Mark McGwire. From last year: "I'll also be casting my vote that doesn't mean anything for Barry Bonds, Roger Clemens, Sammy Sosa, and Rafael Palmeiro, by the by."
I've seen several arguments over the years in which people claim that, regardless of what any given person may think of the PED issue, McGwire didn't have a Hall of Fame career. Most of these arguments hinge on McGwire's low hits total, and the fact that a third of those hits were home runs (as if being one-dimensionally biased towards the best thing you can do at the plate were a bad thing...).
I think a good question for those people, then, is whether they think Harmon Killebrew is a Hall of Famer. Because McGwire, as a hitter, was a lot like Killebrew. Except much better.
Of course, we all know why most of the people who haven't voted for McGwire, and why most of those people probably still won't vote for him. Still, it'll be interesting to see the results of his confession on his candidacy, and I'm hopefully that as the years go by, McGwire's case will look better.
Rafael Palmeiro. I told you last year that I'd case my vote for Palmeiro, and I stick to that promise. Palmeiro may be the most debatable of the "enhanced" candidates. One could argue that he simply "compiled," that his career totals are the result of lots and lots of good-but-not-great seasons, that though he was always good he was never great, and so on.
I don't really care about that argument.
When Palmeiro "limped" to the finish line in '05, he still posted an OPS+ of 108. That's not exactly stellar, mind you, but it's not like he threw together a few part-time, 85 OPS+ years in order to crack the 500 home run mark. Palmeiro was a valuable player right up until the end, and an elite (if not inner-circle) player for 10 or 11 years. Durability and consistency are important in baseball, and I think they should be important to the Baseball Hall of Fame.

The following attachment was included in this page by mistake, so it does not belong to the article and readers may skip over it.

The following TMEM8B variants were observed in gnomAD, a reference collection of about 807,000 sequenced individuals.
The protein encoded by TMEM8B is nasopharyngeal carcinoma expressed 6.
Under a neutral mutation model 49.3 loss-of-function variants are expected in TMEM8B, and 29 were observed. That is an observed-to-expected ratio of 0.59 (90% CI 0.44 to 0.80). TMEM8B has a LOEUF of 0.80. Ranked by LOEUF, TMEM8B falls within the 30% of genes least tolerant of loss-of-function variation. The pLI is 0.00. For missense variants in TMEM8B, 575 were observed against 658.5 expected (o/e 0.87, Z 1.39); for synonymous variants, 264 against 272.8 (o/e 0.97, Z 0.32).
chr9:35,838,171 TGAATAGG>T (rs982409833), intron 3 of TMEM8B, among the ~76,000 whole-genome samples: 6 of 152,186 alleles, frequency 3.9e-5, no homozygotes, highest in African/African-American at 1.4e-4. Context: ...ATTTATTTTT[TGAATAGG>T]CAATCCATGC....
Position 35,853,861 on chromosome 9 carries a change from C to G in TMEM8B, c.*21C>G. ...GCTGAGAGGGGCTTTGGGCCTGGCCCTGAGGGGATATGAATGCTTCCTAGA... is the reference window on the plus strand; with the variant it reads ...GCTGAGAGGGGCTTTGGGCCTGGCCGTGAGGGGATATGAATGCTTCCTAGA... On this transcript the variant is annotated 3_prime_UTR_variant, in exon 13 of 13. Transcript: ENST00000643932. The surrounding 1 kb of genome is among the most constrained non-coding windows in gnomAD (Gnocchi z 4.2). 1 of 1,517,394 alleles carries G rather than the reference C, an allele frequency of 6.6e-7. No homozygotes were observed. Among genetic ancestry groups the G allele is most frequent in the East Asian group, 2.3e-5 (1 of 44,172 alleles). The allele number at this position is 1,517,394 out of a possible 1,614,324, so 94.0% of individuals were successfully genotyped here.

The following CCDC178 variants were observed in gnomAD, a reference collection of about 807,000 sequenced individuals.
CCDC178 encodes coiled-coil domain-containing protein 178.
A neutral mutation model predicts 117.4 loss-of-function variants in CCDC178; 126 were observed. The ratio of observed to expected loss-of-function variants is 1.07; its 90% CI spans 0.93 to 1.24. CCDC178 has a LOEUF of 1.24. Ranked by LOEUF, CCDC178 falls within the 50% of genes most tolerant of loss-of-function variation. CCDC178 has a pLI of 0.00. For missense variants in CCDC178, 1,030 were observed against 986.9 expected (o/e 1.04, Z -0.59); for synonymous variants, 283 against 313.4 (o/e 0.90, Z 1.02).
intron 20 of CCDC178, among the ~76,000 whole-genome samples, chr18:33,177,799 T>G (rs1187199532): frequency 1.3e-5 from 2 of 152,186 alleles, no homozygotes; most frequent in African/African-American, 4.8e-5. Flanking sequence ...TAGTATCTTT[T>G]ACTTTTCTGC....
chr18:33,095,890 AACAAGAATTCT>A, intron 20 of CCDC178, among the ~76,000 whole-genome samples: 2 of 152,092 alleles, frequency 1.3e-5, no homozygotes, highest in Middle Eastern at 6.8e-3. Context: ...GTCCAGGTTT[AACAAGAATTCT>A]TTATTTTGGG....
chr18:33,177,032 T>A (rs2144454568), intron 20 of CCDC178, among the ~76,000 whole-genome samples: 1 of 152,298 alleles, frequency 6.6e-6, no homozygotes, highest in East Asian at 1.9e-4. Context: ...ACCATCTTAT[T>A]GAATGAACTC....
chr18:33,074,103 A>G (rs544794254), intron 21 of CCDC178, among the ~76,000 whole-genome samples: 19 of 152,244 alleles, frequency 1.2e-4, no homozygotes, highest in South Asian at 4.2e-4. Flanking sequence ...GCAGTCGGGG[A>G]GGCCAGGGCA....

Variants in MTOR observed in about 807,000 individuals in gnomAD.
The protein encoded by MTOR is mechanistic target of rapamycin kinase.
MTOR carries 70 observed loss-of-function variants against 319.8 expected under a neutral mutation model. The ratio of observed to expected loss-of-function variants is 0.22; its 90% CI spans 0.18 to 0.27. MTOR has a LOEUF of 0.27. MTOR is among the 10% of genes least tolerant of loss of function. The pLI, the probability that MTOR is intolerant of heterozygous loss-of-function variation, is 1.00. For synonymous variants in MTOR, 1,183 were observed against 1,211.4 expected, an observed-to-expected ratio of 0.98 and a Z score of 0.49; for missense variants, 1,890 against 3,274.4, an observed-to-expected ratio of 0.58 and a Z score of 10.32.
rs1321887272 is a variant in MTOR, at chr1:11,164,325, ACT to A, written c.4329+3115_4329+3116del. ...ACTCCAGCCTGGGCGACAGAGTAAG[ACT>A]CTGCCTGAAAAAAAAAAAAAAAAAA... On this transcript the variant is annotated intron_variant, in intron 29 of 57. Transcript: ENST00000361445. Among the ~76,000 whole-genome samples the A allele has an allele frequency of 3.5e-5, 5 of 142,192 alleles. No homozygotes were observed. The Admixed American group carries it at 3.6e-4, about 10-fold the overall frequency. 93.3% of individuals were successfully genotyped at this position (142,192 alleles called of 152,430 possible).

Palmeiro failed a drug test after being a condescending asshole about PEDs during a nationally televised Congressional hearing. He got entirely too friendly with then-Mrs. Sandberg while a Chicago Cub. Rafael Palmeiro has, in other words, been a jerk.
Tim Raines. From last year: "A case could be made for Tim Raines as the second greatest leadoff hitter ever. Unfortunately, he played at the same time as the greatest leadoff hitter ever, and he played in Montreal. But there's no reason a .294/.385/.425 hitter with an OPS+ of 123 and 808 of the most efficient stolen bases in baseball history shouldn't have a plaque in Cooperstown."
I strongly suspect that, with Blyleven's induction imminent, SABR-minded members of cyberspace will turn their attention towards the Rock.